Sex and process in Nairne Holtz’s ‘Femme Confidential’

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As a lesbian writer in Canada, I have known of Nairne Holtz since the early 2000s. She is that rare thing: a practical person who knows how to classify and organize (as a law librarian) and a creative person who writes wry, unsettling novels about queer characters who defy narrow labels. She and co-editor Catherine Lake introduced a sampling of Canadian lesbian writing to the reading world in No Margins: Writing Canadian Fiction in Lesbian (Insomniac Press, 2006). Since then, Nairne has written her own fiction, including erotic stories which are probably the best-known type of lesbian literature since the annual Best Lesbian Erotica series was launched in 1996. In her new novel, Femme Confidential, sex is seamlessly blended with the development of characters, relationships, and a neighbourhood in Toronto over a generation. Nairne agreed to talk to me about the process of writing this book.

Q: At the beginning of Femme Confidential (Insomniac Press, 2017), you acknowledge that a few previously published sex stories appear in a rather different form in the novel. When you published “Miss August” in Back to the Basics: a butch-femme anthology (2004), did you have a novel in mind?

A: Hell, no! I do remember an instinct to hold back “Miss August” from my second book, This One’s Going to Last Forever (Insomniac Press, 2009) but had no concrete sense of why I felt this way.

Q: Did you start with an outline, or did you start with characters or incidents? Would you say you are a pantser or a plotter?

A: When I first started writing fiction, I asked my at-the-time neighbour, Emma Donoghue, whether it was better to write a novel with an outline or to plunge into the writing and take a more intuitive approach. I can’t remember her precise response but it was something withering about how plunging in without an outline was a great way to never finish a book. Since she’s the most successful and productive writer I know, I suspect she’s on to something!

A book usually begins in my head with characters and imagery; I bike through neighbourhoods and I imagine scenes that could occur in them. However, when I sit down to write, I create a fairly detailed outline of the plot. But this can be derailed and rewritten.

In 2009, I began writing a novel about my childhood and the back-to-the-land hippie movement, but I kept slacking off to write lesbian sex stories until I had a book of stories and essays about sex. I showed this collection to author Lucy Jane Bledsoe, who sent a gentle and diplomatic email suggesting I shelve the essays and turn the stories into a novel; she sensed there was a novel struggling to get out. Reading that email was an electric moment and within an hour, Femme Confidential fell into place—I immediately knew the story was going to be told from three points of view; I knew the parts of my half-written novel that would be woven in; and I knew who the central characters would be. At that point, I had a proper outline.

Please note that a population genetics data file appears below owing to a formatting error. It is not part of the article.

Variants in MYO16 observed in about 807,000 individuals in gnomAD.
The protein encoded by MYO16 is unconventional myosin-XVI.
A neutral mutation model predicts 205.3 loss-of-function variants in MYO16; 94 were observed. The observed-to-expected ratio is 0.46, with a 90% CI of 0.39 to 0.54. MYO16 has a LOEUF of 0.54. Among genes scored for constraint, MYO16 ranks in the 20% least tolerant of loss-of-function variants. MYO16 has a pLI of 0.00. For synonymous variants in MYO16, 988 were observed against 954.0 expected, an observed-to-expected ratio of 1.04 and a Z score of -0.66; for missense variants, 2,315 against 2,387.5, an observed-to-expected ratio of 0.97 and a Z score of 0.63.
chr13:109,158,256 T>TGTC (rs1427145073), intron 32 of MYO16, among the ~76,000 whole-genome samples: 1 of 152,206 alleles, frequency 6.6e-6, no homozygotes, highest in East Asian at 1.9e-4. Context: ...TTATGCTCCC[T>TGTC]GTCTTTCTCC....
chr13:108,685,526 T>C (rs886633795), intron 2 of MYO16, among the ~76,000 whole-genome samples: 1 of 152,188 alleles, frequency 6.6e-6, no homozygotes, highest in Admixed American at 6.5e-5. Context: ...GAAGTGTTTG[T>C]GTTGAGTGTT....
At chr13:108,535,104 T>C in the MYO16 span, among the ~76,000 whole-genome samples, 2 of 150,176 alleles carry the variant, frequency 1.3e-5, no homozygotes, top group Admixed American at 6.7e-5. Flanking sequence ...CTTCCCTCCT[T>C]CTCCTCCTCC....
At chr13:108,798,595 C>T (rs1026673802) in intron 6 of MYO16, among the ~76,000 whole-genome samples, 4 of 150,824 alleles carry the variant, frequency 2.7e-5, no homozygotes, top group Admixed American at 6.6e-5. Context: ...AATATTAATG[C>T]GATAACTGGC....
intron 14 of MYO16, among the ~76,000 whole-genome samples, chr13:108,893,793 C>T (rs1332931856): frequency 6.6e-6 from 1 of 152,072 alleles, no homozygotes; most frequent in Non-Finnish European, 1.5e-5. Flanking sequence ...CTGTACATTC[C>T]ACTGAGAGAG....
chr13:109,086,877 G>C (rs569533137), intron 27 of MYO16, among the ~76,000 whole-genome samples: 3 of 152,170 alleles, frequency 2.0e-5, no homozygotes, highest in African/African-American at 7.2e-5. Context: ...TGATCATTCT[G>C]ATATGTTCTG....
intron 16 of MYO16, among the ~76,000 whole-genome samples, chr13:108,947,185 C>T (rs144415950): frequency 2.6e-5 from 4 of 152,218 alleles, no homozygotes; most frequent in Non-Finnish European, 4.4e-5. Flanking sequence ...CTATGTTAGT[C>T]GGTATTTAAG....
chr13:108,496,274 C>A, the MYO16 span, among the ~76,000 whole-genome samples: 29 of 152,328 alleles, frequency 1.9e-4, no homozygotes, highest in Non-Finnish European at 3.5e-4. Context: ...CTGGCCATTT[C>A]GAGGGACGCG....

Q: How did you come up with the title, “Femme Confidential?” Did you (like other novelists) try out several titles on your work-in-progress before settling on one?

A: Nope, the title popped into my head and I knew it was right. It does have a noir, pulp feel that does not fit with the dry, realist tone but thematically it works. The title Stone Butch Blues showcases certain butch experience and similarly, I wanted to be clear to readers that the focus of this novel is on the experiences of femmes. Of course, Femme Confidential is less dark than either Stone Butch Blues or my previous works of fiction.

I haven’t determined every title with such ease; my wife came up with the title for my second book, This One’s Going to Last Forever.

Q: Now that you are finished this novel, are you planning to write more erotic stories?

A: To be honest, after completing Femme Confidential I felt like I never wanted to write another sex scene again! That could change but I don’t think I will be publishing erotica anytime soon.

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